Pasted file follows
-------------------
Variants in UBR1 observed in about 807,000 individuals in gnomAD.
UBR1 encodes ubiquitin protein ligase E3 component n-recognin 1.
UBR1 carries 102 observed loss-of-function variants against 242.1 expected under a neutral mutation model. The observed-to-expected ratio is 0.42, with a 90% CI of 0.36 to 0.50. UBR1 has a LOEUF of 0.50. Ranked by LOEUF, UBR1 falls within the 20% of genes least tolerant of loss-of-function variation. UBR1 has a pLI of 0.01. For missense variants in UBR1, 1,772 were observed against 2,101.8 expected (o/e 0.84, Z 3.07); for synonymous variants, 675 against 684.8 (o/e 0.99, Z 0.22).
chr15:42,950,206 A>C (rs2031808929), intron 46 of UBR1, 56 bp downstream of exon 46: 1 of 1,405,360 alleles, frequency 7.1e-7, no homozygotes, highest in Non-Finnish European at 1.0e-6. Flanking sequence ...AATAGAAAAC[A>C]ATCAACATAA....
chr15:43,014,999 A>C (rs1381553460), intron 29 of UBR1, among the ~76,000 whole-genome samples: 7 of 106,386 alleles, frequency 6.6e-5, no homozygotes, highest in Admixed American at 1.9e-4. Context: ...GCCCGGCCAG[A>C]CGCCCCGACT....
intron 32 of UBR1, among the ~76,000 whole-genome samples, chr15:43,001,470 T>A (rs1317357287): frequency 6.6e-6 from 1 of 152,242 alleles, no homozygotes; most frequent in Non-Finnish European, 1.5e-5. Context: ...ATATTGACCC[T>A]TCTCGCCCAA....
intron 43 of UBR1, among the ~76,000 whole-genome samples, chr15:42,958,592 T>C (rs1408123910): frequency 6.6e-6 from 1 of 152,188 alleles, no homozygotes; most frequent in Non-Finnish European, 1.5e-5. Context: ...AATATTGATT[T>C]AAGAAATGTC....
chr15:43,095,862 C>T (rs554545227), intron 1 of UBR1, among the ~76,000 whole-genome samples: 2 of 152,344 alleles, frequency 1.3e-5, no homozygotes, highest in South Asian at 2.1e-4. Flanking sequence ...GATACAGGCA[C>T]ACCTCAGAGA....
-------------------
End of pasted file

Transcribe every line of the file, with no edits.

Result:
Variants in UBR1 observed in about 807,000 individuals in gnomAD.
UBR1 encodes ubiquitin protein ligase E3 component n-recognin 1.
UBR1 carries 102 observed loss-of-function variants against 242.1 expected under a neutral mutation model. The observed-to-expected ratio is 0.42, with a 90% CI of 0.36 to 0.50. UBR1 has a LOEUF of 0.50. Ranked by LOEUF, UBR1 falls within the 20% of genes least tolerant of loss-of-function variation. UBR1 has a pLI of 0.01. For missense variants in UBR1, 1,772 were observed against 2,101.8 expected (o/e 0.84, Z 3.07); for synonymous variants, 675 against 684.8 (o/e 0.99, Z 0.22).
chr15:42,950,206 A>C (rs2031808929), intron 46 of UBR1, 56 bp downstream of exon 46: 1 of 1,405,360 alleles, frequency 7.1e-7, no homozygotes, highest in Non-Finnish European at 1.0e-6. Flanking sequence ...AATAGAAAAC[A>C]ATCAACATAA....
chr15:43,014,999 A>C (rs1381553460), intron 29 of UBR1, among the ~76,000 whole-genome samples: 7 of 106,386 alleles, frequency 6.6e-5, no homozygotes, highest in Admixed American at 1.9e-4. Context: ...GCCCGGCCAG[A>C]CGCCCCGACT....
intron 32 of UBR1, among the ~76,000 whole-genome samples, chr15:43,001,470 T>A (rs1317357287): frequency 6.6e-6 from 1 of 152,242 alleles, no homozygotes; most frequent in Non-Finnish European, 1.5e-5. Context: ...ATATTGACCC[T>A]TCTCGCCCAA....
intron 43 of UBR1, among the ~76,000 whole-genome samples, chr15:42,958,592 T>C (rs1408123910): frequency 6.6e-6 from 1 of 152,188 alleles, no homozygotes; most frequent in Non-Finnish European, 1.5e-5. Context: ...AATATTGATT[T>C]AAGAAATGTC....
chr15:43,095,862 C>T (rs554545227), intron 1 of UBR1, among the ~76,000 whole-genome samples: 2 of 152,344 alleles, frequency 1.3e-5, no homozygotes, highest in South Asian at 2.1e-4. Flanking sequence ...GATACAGGCA[C>T]ACCTCAGAGA....